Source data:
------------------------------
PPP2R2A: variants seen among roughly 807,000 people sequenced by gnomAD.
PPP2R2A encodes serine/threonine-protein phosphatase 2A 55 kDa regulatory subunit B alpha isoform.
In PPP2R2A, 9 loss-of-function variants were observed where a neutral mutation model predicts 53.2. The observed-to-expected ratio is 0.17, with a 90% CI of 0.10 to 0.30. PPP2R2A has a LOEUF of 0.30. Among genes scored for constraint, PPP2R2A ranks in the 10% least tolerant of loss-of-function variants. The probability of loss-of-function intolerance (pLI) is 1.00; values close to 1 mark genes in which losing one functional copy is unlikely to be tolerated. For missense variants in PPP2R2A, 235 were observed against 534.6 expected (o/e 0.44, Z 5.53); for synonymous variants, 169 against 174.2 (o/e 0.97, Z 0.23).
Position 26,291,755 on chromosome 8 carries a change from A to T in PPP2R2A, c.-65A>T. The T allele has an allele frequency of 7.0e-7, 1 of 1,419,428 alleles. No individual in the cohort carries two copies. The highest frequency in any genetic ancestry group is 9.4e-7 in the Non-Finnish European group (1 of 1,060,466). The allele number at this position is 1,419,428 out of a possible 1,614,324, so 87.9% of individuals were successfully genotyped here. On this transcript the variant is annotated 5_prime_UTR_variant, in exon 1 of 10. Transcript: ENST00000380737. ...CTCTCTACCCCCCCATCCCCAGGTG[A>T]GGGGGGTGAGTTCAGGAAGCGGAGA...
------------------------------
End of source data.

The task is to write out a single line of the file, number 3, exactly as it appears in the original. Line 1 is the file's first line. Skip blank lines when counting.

In PPP2R2A, 9 loss-of-function variants were observed where a neutral mutation model predicts 53.2. The observed-to-expected ratio is 0.17, with a 90% CI of 0.10 to 0.30. PPP2R2A has a LOEUF of 0.30. Among genes scored for constraint, PPP2R2A ranks in the 10% least tolerant of loss-of-function variants. The probability of loss-of-function intolerance (pLI) is 1.00; values close to 1 mark genes in which losing one functional copy is unlikely to be tolerated. For missense variants in PPP2R2A, 235 were observed against 534.6 expected (o/e 0.44, Z 5.53); for synonymous variants, 169 against 174.2 (o/e 0.97, Z 0.23).